As a member of this Online Book Club, you are expected to post to the book blog at least once per week between now and July 11 -- that's six weeks. You should finish your book before then, and you will meet during the Institute in your groups to extend the discussion and plan how to present the book to the others in the Institute.

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Wednesday, June 8, 2016

Literacies of Public Health

June 8, 2016

I am just about done with the MA in written communication, planning to return to my previous job in public health at UM this fall. After doing public health research and some teaching for the past 10 years, I decided I needed a change. I am planning to go back as clinical faculty, to teach scientific writing to graduate students, and starting in 2017 to undergraduates (we will be admitting undergraduates starting fall 2017). I really like the idea of helping my students move toward a deeper understanding of "public health literacy." It encompasses so much more than "scientific writing," capturing the spirit of what I hope to achieve in my work. In the brief description of NCTE's policy research brief (p. 3), the authors use the words "economic, professional, civic, community and academic." Those are what I consider to be the very core of public health! So I am quite intrigued with this idea of disciplinary literacies from the get go. Looking forward to reading more and learning more!!

Ella August


  1. I literally just received this book from amazon and I'm trying to figure this out, so I thought I'd get started here and then go from there.

    I just cracked this book open and something struck me within the first few pages. I really like how they put this term "world factory" into the text. Currently we are regarded as a profession that is in charge of cranking out kids to fulfill some sort of programmed destiny. I don't know how I feel about it and I'm sure that there are other feelings as well.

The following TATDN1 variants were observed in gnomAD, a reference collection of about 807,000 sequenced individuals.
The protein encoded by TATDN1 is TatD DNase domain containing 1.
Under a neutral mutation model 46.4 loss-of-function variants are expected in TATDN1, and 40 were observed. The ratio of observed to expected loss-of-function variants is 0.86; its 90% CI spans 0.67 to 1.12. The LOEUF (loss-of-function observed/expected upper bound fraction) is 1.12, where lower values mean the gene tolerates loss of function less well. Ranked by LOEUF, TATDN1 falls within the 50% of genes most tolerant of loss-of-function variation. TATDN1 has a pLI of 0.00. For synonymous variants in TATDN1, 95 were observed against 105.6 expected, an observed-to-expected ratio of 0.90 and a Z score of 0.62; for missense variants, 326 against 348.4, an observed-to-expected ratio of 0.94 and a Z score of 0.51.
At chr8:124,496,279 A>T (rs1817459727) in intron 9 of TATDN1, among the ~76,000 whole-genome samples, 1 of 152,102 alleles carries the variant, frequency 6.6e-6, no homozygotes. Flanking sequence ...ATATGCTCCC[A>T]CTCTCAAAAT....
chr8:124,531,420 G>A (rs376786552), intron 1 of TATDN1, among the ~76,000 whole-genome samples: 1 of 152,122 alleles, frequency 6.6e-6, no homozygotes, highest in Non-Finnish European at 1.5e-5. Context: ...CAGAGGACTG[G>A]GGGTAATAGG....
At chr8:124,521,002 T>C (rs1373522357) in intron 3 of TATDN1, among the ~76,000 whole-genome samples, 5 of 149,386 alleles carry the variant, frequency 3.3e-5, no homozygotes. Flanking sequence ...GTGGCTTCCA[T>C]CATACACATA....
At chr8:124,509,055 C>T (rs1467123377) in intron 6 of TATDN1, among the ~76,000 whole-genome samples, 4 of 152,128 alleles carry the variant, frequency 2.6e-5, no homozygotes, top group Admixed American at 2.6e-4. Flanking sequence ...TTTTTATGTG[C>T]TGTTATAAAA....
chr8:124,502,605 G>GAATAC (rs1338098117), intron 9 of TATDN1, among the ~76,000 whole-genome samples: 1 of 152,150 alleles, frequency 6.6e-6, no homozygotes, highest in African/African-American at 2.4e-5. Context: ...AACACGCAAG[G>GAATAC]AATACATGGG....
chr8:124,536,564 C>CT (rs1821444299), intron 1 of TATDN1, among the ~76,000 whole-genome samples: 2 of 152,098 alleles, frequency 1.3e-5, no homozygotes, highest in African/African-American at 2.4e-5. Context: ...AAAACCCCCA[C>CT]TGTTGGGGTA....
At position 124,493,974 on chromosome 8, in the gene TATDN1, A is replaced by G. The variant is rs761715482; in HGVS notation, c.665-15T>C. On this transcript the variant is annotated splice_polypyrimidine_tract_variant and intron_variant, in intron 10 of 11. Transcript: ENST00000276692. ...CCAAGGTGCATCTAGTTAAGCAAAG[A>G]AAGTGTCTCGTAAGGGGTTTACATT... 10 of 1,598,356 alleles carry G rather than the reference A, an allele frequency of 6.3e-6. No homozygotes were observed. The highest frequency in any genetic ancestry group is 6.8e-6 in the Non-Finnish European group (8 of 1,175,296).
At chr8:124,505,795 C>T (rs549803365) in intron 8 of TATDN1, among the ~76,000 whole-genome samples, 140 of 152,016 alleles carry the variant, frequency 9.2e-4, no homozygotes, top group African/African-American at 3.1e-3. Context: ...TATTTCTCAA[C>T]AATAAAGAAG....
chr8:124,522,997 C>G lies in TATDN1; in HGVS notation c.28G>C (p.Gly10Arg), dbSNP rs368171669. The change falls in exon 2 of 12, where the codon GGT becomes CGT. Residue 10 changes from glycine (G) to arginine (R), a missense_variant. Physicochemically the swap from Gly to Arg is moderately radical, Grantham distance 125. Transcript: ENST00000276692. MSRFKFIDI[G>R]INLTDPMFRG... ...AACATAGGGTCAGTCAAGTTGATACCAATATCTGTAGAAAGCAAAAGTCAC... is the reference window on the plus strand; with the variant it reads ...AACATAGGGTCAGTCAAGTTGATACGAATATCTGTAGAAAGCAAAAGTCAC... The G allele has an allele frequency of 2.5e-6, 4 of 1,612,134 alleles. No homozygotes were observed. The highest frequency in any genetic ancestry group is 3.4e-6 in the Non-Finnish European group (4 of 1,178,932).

As teachers, how do you feel as an "administrator" of this "world factory"? What are ways you have been trying to combat this system in your own classrooms?

    These statistics scare me as well, knowing the college professors do not see what we do. I'm interested in seeing what you guys think as well.

  2. Ella & Eileen, thank you both for starting this off. Sorry I'm late to the party, but I'm excited to be talking with you both about all of this. I also noted both of these ideas you have mentioned in your posts. It's both depressing to read and exciting to know that there are others who are simultaneously working on improving our education system. The "world factory" is definitely alarming, but I think and hope that this program (and other opportunities) can help me to think of ways to help create more real-world audiences for my assignments and find opportunities for interdisciplinary skill development and thinking. As a social studies teacher, I'm excited to see how we identify and explain the similarities and differences across disciplinary literacies, and I'm already brainstorming some potential projects that would get my middle and high schoolers thinking more about aspects of public health. Looking forward to talking with you more!